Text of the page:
© Springer-Verlag Berlin Heidelberg 2015Jan AlbersResponsibility and Liability in the Context of Transboundary Movements of Hazardous Wastes by SeaHamburg Studies on Maritime AffairsInternational Max Planck Research School for Maritime Affairs at the University of Hamburg2910.1007/978-3-662-43349-2_1
In December 1999, in the wake of the 5th Conference of the Parties to the Basel Convention held in Basel, Switzerland, the then Executive Director of the United Nations Environmental Programme (UNEP), Klaus Töpfer, praised the recent adoption of the Basel Protocol on Liability and Compensation1 as a “major breakthrough”.2 He claimed that “[f]or the first time, we have a mechanism for assigning responsibility for damage caused by accidental spills of hazardous waste during export or import”. However, it did not take long before voices were being raised that cast a rather poor light on the Basel Protocol. The Protocol was criticised by legal scholars as being “far from perfect and in many respects […] unclear and confusing”.3 Others used even stronger language: “The Liability Protocol is […] a text with as many holes and exclusions as Swiss cheese” and “[it] is a dangerous precedent and is unlikely to ever, provide adequate relief for victims of toxic waste or serve as an incentive to avoid hazardous waste trafficking”.4 Similarly, it was charged that “the treaty offers very little that is positive and much that is highly negative”, and, “[w]hat was adopted in Basel in 1999 […] represents a successful attack on the Basel Convention’s own fundamental principles and a dangerous international precedent”.5 By means of this juxtaposition the nature of the major burden facing the Basel Protocol becomes plainly apparent: Diverging political, commercial and environmental interests put high requirements on a legal regime governing civil liability for damage resulting from the transboundary movement of hazardous wastes, and these can hardly be met by a compromise regulation as represented by the 1999 Basel Protocol.
The Basel Protocol on Liability and Compensation was adopted in 1999 to supplement the legal framework established by the 1989 Basel Convention on the Control of Transboundary Movements of Hazardous Wastes and their Disposal and to provide for rules imposing civil liability and making compensation available for the victims of pollution caused by hazardous wastes. The Basel Protocol, however, has yet not entered into force, and keeping in mind the harsh criticisms as outlined above, it is also questionable whether it will ever receive sufficient support from States to obtain the required number of ratifications in order to enter into force.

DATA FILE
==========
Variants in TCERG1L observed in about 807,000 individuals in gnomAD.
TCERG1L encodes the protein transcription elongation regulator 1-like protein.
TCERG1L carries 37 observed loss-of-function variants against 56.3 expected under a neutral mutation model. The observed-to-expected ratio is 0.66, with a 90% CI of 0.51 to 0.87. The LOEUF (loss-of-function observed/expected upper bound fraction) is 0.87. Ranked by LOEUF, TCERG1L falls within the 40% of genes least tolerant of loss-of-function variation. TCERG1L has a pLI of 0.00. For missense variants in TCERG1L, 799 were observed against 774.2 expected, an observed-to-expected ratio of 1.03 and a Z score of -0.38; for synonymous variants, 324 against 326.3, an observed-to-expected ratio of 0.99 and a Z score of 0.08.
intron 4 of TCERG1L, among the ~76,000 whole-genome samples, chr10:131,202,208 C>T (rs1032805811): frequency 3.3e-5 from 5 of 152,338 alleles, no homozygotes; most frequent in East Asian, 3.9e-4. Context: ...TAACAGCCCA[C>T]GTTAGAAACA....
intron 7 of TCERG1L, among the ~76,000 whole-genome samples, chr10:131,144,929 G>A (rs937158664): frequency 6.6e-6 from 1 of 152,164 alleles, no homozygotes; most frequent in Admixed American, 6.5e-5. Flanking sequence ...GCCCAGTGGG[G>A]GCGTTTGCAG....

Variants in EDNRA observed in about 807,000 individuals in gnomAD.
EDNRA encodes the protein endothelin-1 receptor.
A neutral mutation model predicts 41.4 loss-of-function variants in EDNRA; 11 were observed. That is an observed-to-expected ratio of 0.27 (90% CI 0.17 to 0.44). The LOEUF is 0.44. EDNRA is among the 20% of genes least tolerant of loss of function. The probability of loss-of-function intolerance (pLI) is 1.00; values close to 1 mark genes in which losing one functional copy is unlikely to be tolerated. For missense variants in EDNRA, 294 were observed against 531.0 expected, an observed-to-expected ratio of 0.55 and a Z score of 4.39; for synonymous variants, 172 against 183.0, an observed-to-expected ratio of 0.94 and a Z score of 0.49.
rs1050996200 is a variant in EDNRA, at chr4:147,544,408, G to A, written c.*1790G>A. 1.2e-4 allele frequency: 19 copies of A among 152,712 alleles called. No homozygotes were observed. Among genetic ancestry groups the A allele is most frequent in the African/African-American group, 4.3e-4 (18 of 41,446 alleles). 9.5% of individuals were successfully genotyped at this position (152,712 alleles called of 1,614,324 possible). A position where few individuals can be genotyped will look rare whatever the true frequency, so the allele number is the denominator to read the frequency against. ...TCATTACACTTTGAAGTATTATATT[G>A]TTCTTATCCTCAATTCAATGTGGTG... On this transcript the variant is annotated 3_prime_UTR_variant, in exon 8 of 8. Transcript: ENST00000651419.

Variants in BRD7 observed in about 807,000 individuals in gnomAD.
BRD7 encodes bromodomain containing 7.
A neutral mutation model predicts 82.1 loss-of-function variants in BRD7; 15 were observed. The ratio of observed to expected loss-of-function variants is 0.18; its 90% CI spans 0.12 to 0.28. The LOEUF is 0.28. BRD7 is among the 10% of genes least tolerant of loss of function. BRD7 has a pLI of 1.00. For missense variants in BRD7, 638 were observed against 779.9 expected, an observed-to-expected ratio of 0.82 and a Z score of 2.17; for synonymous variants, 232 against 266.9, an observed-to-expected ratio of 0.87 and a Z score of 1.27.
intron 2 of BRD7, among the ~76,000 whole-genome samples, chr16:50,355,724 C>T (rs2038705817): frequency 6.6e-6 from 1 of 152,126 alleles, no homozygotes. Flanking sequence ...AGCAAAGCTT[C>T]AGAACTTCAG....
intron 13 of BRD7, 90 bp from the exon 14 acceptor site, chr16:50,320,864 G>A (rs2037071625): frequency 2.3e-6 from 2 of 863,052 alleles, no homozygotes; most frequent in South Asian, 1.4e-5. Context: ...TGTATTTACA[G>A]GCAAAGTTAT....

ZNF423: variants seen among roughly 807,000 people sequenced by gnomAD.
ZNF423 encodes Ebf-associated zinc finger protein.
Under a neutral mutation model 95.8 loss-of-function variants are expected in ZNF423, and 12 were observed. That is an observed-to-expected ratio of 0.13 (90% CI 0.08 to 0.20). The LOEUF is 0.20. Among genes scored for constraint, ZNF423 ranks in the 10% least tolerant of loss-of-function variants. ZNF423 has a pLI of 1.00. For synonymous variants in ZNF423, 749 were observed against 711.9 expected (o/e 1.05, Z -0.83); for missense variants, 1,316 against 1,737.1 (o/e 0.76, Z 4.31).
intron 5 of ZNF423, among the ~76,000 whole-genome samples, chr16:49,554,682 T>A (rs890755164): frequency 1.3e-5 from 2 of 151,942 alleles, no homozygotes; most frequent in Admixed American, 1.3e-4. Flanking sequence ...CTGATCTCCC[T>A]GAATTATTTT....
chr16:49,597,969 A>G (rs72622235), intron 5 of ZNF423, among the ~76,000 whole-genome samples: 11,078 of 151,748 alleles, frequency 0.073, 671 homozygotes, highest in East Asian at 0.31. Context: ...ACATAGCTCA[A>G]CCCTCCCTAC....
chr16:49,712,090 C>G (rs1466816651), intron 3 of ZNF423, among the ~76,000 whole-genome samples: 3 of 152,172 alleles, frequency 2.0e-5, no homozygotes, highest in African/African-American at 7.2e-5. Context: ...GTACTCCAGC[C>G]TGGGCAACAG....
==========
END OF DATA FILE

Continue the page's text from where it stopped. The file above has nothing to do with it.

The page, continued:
The present work starts exactly at this juncture. Its primary purpose is to outline the legal rules and regimes applicable for the imposition of responsibilities and liabilities for damage resulting from the transboundary movement of hazardous wastes by sea. Given the fact that the entry into force of the Basel Protocol is uncertain, it is necessary that this work begins with an analysis of responsibility and liability according to the rules of customary international law and according to the regulations of international conventions and regulations that are currently in force and applicable to the cases under consideration. The prospective regime of liability and compensation as proposed by the Basel Protocol can only be examined in detail in a second step, which may then illuminate the possible advantages and disadvantages of this potential solution de lege ferenda. As a result of this consideration it will be possible to make a recommendation whether it seems appropriate to agree with Klaus Töpfer and to further expedite and promote ratification of the Basel Protocol, or whether the criticisms voiced against the Protocol are actually true and efforts should rather be made to develop and strengthen other mechanisms to protect victims of pollution and the environment.
A. The Factual Perspective: Transboundary Movements of Hazardous Wastes by Sea
The transboundary movement of hazardous wastes represents a commercial activity promising huge returns for the persons engaged in the movement. On the downside, hazardous waste movements may pose a substantial threat for human health and the environment. Since, moreover, hazardous wastes are usually shipped in large amounts, incidents involving hazardous wastes are likely to affect large areas with adverse effects on a potentially large number of humans, animals and natural resources. The fact that incidents may occur during each stage of a transboundary movement of hazardous wastes by sea can be illustrated in the following examples6: